Friday, May 7, 2010

#20: Rise to Globalism

Last month, The New Yorker ran a full-page piece on Stephen E. Ambrose, American historian extraordinaire and author, most famously, of Band of Brothers. (Yes, that one.) Ambrose, whom the reporter describes (not inaccurately) as "America's most famous and popular historian," appears to have joined the long list of respected writers and academics whose zeal for sculpting a superior narrative was undermined by the dubious methods they used along the way. As Dwight D. Eisenhower's biographer, Ambrose, who died in 2002, took pride in the "hundreds and hundreds of hours" he spent with the president over the course of five years.

As it turns out, these hours turned out to be just as phantasmal as, say, weapons of mass destruction in Iraq, or an honest politician. According to The New Yorker article, the deputy director of Eisenhower's presidential library and museum recently discovered the president's schedule, which revealed that "Eisenhower saw Ambrose only three times, for a total of less than five hours. The two men were never alone together." In an understatement, the deputy secretary mused, "[Eisenhower] simply didn't see that much of Stephen Ambrose."

Notwithstanding the historian's posthumous humiliation, it is quite clear just how he ascended to the zenith of American history-telling. In the 1997 eighth revised edition of Rise to Globalism: American Foreign Policy Since 1938, Ambrose joined with Douglas G. Brinkley (ironically, the Stephen E. Ambrose Professor of History at the University of New Orleans at the time) in recounting the events, decisions, and people that shaped the course of the twentieth century and set the standard for the one following.

Reading a pre-9/11 history book feels a bit fantastical at times, as when the introduction to the book presciently concludes, "America in the 1990s was richer and more powerful -- and more vulnerable -- than at any other time in her history." In general, however, Rise to Globalism is every bit the thorough (although not detached) retrospective one would expect from a titan in the field such as Stephen Ambrose. Somewhat surprisingly, the most interesting nuggets are not the minutiae of political decision-making or military strategies but Brinkley and Ambrose's perspectives on them.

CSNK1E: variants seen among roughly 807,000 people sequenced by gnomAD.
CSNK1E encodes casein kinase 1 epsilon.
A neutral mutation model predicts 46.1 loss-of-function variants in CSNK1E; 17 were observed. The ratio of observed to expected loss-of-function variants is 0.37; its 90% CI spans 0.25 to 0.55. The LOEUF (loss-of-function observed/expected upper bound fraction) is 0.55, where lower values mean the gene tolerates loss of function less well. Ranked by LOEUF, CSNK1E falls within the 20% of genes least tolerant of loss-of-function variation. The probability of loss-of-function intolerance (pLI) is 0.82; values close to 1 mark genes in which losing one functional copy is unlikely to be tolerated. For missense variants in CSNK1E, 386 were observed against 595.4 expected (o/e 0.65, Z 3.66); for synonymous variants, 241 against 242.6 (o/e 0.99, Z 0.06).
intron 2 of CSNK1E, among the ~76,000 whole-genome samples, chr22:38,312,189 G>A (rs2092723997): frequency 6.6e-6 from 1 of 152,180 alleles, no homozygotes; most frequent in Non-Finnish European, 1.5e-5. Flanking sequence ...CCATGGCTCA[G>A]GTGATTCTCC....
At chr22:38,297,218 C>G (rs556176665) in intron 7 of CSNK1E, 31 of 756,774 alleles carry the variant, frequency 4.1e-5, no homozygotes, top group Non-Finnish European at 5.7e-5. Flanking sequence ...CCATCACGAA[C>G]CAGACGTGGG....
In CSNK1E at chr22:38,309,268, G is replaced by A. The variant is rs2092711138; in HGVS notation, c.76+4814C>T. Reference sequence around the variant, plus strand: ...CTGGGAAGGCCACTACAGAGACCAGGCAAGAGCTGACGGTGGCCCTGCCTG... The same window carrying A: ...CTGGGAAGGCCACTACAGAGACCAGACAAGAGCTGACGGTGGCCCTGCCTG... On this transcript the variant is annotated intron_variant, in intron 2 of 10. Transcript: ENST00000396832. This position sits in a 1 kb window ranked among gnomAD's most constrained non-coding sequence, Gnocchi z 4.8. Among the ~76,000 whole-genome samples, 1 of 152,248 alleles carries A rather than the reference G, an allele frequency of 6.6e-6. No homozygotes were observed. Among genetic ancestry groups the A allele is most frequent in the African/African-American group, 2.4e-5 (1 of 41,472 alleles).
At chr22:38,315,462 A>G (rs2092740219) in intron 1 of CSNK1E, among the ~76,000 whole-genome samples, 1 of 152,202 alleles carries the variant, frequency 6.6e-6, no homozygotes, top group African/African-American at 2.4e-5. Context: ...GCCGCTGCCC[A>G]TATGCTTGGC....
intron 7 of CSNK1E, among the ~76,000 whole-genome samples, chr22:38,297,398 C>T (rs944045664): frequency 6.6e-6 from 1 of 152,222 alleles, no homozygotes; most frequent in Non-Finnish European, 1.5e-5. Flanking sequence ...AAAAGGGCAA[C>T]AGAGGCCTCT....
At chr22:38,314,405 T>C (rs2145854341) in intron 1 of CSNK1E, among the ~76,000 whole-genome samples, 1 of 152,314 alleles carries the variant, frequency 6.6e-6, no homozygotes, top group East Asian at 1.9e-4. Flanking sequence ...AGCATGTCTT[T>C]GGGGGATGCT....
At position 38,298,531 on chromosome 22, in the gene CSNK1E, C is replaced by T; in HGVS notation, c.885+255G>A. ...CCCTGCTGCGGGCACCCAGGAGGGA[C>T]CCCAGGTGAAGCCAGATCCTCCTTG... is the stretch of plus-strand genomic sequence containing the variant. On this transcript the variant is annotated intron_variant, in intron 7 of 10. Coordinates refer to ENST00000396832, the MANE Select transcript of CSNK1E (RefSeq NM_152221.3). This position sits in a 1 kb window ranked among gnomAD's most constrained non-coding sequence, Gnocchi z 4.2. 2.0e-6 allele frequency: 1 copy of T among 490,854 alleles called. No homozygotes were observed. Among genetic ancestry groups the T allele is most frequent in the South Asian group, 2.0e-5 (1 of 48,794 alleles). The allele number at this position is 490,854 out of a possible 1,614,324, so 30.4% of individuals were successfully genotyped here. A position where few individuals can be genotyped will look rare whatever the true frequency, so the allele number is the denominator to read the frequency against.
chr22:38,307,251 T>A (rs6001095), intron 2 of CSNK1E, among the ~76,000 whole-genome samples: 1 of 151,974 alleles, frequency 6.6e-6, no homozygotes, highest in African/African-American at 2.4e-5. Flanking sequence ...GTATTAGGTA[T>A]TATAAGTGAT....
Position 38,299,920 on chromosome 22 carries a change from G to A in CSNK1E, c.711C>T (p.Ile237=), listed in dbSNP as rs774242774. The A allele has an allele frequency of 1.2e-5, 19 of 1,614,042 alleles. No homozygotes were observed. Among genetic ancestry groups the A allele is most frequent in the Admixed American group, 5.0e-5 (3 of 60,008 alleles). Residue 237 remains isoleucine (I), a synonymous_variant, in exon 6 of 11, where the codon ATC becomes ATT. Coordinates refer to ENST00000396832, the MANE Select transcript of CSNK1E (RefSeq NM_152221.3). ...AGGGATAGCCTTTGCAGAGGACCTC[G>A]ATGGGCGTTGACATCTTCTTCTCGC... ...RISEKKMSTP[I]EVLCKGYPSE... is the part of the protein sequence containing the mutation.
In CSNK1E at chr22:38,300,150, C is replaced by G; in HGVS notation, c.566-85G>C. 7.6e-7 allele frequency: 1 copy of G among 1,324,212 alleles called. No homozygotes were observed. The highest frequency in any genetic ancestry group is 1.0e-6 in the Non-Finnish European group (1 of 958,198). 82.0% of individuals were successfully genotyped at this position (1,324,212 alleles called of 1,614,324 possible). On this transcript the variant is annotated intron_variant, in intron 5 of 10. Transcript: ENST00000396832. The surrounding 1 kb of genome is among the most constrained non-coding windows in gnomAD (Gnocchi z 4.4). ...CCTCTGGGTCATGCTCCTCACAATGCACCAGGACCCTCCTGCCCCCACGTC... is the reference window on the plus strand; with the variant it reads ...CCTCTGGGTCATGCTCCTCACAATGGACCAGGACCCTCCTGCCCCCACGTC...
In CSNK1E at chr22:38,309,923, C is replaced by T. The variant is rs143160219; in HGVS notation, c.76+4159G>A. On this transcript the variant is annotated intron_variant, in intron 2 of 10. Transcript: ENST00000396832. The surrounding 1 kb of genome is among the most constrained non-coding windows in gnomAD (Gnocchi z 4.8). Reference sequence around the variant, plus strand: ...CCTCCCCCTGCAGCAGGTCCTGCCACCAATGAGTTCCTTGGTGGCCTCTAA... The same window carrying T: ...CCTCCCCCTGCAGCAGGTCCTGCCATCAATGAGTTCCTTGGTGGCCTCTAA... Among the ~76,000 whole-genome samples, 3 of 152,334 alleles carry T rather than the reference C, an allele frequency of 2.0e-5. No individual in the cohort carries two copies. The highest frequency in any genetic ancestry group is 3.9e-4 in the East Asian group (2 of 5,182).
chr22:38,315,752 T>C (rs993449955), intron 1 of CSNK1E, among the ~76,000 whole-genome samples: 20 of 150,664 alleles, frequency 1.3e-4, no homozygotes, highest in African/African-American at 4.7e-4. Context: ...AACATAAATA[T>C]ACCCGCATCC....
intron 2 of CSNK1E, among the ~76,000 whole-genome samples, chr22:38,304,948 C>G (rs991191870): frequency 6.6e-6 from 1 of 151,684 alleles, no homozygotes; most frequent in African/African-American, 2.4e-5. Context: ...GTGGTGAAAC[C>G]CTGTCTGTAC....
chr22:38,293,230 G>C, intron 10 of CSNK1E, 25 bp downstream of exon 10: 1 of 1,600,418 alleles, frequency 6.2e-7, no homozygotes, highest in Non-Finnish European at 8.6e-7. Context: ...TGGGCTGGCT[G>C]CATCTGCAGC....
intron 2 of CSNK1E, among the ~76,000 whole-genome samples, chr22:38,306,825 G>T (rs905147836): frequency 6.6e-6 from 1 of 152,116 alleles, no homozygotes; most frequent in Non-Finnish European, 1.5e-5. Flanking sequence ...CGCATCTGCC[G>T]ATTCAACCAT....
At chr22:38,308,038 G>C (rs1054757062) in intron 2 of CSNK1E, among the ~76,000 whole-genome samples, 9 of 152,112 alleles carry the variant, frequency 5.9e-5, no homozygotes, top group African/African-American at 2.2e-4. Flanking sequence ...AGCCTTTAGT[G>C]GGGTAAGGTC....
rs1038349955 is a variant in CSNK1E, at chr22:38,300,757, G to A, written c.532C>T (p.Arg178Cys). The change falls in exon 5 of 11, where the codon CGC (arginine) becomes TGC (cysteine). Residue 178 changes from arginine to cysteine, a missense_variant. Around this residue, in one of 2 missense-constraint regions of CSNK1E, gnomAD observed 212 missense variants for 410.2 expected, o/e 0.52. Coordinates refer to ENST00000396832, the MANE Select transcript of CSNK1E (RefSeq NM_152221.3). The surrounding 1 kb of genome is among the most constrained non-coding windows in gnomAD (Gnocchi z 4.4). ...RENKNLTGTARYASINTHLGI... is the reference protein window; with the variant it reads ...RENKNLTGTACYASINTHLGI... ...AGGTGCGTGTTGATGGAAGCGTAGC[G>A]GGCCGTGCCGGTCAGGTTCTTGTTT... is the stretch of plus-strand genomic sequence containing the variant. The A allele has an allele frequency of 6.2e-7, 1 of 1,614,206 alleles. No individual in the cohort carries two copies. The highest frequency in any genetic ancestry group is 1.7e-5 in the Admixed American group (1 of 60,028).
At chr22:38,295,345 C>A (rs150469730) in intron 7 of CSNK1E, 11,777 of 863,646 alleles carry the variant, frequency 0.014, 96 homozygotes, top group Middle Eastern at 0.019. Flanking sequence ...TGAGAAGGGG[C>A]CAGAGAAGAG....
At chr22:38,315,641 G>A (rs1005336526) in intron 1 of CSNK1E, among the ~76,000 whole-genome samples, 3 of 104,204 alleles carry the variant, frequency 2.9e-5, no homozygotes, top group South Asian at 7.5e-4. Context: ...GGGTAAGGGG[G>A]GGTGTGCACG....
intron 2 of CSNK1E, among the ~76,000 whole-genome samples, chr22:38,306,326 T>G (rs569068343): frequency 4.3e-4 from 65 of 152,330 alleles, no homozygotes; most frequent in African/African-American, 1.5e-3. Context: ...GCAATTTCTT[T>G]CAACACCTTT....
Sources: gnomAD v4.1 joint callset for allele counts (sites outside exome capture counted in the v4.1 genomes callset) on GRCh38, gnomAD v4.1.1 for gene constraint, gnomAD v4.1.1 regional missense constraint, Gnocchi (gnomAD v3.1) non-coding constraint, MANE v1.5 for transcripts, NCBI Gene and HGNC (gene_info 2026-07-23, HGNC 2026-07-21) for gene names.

As one clear example, it is quite obvious from the outset of chapter fifteen, Reagan and the Evil Empire, that the authors are not particularly fond of President #40. This is made abundantly clear in recounting the American involvement in the Israeli-Lebanese war in the early 1980s. Whether describing Reagan as "[blundering] in Lebanon as badly as Carter had blundered in Iran" or claiming that "no one, most of all Reagan himself, ever seemed to be clear on the purpose of that involvement," Rise to Globalism is unapologetically ambivalent at best about the Reagan administration.

Of course, this is a perfectly valid evaluation, and one that helpfully reminds the reader that a history textbook this is not. (Of course, recent developments in the Texas public school curriculum raise doubts as to whether some history textbooks are even history textbooks. But I digress.) The authors' perspectives are not partisan, it should be noted; of President Jimmy Carter, they praise his emphasis on human rights, which "struck a responsive chord among the oppressed everywhere," but ultimately concede that "all the goals were wildly impractical and none were achieved."

Especially fascinating is the nuanced tale of the Vietnam War, in which the reader is taken beyond soldiers, fighting, politicians, and election campaigns and into a deeper look at the underlying shifts in national societies themselves. Of course, these changes cannot be understood in isolation, and Ambrose and Brinkley deftly portray the interacting elements of politics and public sentiment. (The American fascination with the atomic bomb's potential to establish permanent world hegemony is but one of several intriguing developments explored within this context.)

At times, Rise to Globalism is unforgiving in its assessments of American arrogance and impulsiveness, a tendency that lends credibility to their praise at other moments. (Commenting on the American commitment to Vietnam, despite elected officials' many reassurances that the United States was not "fighting a white man's war against Asians," the authors ponder, "Why had the Americans not heeded their own warnings? Because they were cocky, overconfident, sure of themselves, certain that they could win at a bearable cost, and that in the process they would turn back the Communist tide in Asia.") A similar attention to detail is displayed in coverage of the Cold War; perhaps most remarkable is the illuminating fact that, strenuous attempts at differentiation notwithstanding, most American presidents of the era closely mimicked their immediate predecessors' foreign policies.

Despite having been written in the late 1990s, at a time when American influence could hardly have been more pervasive, Rise to Globalism is remarkably circumspect in its prognostications for the future. The book ends as President Bill Clinton's second term begins, a period of unprecedented peace and prosperity for the West; and yet, in the last sentence, the authors caution that "no one would claim that he had wrought a global utopia of free-market democracies." If Stephen Ambrose were alive today, a sequel, or at least an updated edition, would be in order. The times, they are a-changin', but Rise to Globalism's relative old age has yet to relegate it to the dusty side of the bookshelf.

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